Gary Rust to be inducted into Newspaper Hall of Fame
Tuesday, July 1, 2003
Citing him as "the genesis of what may be Missouri's biggest newspaper story," the Missouri Press Association will induct Gary Rust into its Newspaper Hall of Fame this year.
"He belongs there because of what he's accomplished in the newspaper industry," said Barbara Hill, the publisher of the Dexter Daily Statesman who nominated Rust. "He's just been quite the entrepreneur."
Rust, chairman of Rust Communications, will be inducted with five other journalists around the state on Sept. 27 at the annual MPA convention in Kansas City. Rust Communications owns the Southeast Missourian.
The other inductees are Lila and the late Robert Gunn of the Adrian Journal; the late Elston "E.J." Melton of the Cooper County Record in Boonville; William L. Miller Sr. of the Washington Missourian; and James C. Sterling of the Bolivar Herald-Free Press.
"It's an honor to have been selected to join this group of newspaper people and to share it with the community and my associates in the Rust newspapers," Rust said.
Rust also gave credit to George and Fred Naeter, founders of the Southeast Missourian. The Naeter brothers, now deceased, were inducted into the Newspaper Hall of Fame in 2000.
After working for his family's furniture business, Rust and his wife, Wendy, purchased the small Weekly Bulletin newspaper in Cape Girardeau in 1967 with the goal of providing fair and accurate news reporting. He purchased the Southeast Missourian from Thomson Newspapers in 1986.
Rust is now chairman of the company that publishes 17 dailies, 33 weeklies and 10 shoppers and has 12 printing operations in seven states.
Rust has also had a history of public service, including his election to the Missouri House of Representatives. Rust was subsequently elected to two additional terms before choosing not to run again to focus on his newspapers.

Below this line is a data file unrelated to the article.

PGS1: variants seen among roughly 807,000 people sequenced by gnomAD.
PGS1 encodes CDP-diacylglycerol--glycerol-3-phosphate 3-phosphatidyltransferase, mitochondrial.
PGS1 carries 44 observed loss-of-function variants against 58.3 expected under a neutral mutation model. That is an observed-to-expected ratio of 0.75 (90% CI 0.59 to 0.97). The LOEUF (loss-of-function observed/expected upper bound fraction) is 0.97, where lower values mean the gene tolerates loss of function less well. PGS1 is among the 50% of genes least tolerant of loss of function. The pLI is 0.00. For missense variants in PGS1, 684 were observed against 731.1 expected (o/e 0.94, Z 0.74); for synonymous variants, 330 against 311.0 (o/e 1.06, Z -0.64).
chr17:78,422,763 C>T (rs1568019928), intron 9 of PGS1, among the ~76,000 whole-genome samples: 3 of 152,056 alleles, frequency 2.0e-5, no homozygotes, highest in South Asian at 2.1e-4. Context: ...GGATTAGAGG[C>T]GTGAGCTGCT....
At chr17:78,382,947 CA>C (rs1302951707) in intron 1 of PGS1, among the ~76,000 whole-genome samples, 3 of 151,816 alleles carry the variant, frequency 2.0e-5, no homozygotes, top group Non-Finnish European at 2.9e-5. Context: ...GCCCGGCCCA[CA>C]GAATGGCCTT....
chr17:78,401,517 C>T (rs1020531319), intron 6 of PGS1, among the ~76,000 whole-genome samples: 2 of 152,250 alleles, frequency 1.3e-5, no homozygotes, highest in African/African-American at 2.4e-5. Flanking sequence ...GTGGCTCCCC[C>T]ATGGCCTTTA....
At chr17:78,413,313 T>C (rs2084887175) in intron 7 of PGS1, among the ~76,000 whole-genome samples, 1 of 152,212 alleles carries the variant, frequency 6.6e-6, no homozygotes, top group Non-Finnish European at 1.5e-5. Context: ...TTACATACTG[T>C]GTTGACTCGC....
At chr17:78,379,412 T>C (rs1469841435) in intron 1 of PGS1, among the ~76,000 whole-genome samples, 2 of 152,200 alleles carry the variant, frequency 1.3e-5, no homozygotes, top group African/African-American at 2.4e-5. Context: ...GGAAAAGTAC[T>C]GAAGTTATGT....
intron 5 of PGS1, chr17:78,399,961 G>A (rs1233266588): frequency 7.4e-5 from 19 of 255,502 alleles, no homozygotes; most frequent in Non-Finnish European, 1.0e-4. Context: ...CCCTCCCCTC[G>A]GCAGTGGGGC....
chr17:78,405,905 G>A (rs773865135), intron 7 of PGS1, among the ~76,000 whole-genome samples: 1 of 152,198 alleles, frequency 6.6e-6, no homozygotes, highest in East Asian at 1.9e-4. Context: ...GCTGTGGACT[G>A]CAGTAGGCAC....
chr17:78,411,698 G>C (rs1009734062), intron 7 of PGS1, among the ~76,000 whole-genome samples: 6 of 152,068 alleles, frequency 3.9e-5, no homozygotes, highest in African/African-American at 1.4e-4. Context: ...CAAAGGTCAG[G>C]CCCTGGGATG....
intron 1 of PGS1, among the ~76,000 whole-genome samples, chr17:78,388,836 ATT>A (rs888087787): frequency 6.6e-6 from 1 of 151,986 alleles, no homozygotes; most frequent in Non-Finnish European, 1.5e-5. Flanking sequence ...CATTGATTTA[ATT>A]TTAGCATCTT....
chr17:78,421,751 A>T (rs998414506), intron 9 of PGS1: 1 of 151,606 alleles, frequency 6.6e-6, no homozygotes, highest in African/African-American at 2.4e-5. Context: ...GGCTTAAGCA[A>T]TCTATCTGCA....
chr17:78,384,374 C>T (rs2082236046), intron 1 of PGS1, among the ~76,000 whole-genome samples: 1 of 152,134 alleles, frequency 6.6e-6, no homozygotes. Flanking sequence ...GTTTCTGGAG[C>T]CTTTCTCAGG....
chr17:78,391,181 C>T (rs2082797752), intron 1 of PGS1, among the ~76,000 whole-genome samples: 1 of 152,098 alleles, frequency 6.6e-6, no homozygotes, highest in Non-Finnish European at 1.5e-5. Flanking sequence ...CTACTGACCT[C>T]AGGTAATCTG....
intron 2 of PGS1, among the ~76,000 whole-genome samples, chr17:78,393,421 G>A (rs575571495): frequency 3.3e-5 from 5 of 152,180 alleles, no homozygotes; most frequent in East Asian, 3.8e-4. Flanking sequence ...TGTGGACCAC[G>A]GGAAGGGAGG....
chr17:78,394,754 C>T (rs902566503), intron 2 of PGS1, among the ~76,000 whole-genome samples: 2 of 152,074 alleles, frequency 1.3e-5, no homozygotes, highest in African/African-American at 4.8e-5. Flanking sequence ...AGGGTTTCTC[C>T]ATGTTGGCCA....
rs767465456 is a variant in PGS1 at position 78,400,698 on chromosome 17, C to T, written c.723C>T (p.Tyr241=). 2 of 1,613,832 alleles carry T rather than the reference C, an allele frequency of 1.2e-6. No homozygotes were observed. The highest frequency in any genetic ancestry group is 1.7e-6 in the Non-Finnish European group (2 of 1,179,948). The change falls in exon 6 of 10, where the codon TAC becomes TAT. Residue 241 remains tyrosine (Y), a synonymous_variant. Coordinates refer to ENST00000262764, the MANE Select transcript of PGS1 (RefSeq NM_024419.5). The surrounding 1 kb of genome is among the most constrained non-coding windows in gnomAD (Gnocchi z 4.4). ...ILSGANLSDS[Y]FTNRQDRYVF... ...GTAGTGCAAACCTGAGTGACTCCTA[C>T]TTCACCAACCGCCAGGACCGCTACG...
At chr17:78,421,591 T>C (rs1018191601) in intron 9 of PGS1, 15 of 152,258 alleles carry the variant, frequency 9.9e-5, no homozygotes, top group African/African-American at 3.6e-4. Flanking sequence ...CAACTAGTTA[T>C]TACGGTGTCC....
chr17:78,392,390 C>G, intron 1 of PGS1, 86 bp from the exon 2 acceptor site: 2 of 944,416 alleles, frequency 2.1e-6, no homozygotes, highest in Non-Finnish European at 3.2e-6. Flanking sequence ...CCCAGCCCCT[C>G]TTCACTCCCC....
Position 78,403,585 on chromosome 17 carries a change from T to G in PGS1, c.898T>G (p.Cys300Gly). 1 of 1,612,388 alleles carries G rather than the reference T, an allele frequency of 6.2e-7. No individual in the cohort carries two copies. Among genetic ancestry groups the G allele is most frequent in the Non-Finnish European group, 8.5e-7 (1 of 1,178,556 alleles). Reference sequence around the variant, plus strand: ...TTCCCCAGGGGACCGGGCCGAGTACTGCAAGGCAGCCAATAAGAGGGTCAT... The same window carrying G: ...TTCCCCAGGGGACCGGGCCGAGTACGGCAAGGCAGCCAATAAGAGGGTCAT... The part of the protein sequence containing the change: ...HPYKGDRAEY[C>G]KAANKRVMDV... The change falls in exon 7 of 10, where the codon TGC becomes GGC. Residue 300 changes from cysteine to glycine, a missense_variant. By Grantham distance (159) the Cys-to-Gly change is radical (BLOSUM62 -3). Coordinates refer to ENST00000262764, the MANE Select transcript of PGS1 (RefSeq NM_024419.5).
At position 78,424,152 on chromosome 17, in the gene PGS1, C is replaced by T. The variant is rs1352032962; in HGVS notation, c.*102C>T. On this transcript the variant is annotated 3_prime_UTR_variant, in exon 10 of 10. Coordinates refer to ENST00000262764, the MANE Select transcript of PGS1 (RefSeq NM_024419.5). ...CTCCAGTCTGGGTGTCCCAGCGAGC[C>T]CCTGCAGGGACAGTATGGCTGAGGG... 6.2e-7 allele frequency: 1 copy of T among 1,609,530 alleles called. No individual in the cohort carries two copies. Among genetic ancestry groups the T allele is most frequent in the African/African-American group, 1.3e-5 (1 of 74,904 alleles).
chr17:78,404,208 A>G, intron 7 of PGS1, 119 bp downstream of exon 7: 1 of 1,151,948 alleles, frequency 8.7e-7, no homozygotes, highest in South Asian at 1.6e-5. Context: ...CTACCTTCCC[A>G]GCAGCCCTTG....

Rust retired from daily management in 2001 and turned the operation over to sons Rex Rust and Jon Rust and chief operating officer Wally Lage.
"This is a tremendous honor for our dad," Jon Rust said. "He's had a significant impact on the newspaper industry in Missouri."
Rex Rust added: "The whole family is proud of him."
MPA executive director Doug Crews said there were 30 nominations this year. He said there have been 63 people inducted into the hall of fame since its inception in 1991.
Crews said Hall of Fame inductees must have contributed to the newspaper industry in Missouri for a number of years, lived honorably, influenced unselfishly, thought soundly and displayed community involvement.
'Demand for excellence'
Rust certainly fits that bill, Crews said.
"Gary's passion for the community newspaper business and his demand for excellence in digging for news stories and promoting local advertising are traits that come to mind," Crews said. "He started a newspaper company from scratch and built it into a highly respected group of newspapers."
A screening committee and a selection committee of district press association leaders, MPA officers and Hall of Fame members select inductees from among those nominated.
Plaques honoring the Hall of Fame members are displayed in the Press Association office and in Lee Hills Hall at the Missouri School of Journalism in Columbia, Mo.
"He's been a savvy publisher," Crews said, "building a good team, embracing new technologies through the years and changing with the times so his newspapers could continue serving their communities exceptionally well."
Rust received the Suburban Newspaper Association's Dean Lesher Award in 1999, the top award in the suburban newspaper industry. Rust also received the Inland Press Casey Award for services to commitment and the newspaper industry in 2002.
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